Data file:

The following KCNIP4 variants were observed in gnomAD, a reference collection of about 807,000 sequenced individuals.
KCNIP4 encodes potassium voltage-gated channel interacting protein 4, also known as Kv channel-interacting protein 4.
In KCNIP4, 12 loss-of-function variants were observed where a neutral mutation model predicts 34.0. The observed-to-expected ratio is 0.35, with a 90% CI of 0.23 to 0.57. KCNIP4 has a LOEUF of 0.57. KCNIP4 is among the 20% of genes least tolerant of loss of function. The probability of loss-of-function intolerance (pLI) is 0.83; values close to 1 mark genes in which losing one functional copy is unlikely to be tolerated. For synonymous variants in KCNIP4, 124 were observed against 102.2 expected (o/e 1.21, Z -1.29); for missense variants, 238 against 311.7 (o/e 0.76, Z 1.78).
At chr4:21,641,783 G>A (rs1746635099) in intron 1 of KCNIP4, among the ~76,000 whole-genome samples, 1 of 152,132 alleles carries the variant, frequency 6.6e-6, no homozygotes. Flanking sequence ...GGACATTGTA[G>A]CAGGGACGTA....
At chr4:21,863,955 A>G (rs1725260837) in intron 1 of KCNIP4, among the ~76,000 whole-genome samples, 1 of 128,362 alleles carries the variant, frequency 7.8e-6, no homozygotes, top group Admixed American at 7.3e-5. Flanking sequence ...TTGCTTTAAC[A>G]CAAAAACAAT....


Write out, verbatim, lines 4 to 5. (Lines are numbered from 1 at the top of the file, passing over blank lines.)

At chr4:21,641,783 G>A (rs1746635099) in intron 1 of KCNIP4, among the ~76,000 whole-genome samples, 1 of 152,132 alleles carries the variant, frequency 6.6e-6, no homozygotes. Flanking sequence ...GGACATTGTA[G>A]CAGGGACGTA....
At chr4:21,863,955 A>G (rs1725260837) in intron 1 of KCNIP4, among the ~76,000 whole-genome samples, 1 of 128,362 alleles carries the variant, frequency 7.8e-6, no homozygotes, top group Admixed American at 7.3e-5. Flanking sequence ...TTGCTTTAAC[A>G]CAAAAACAAT....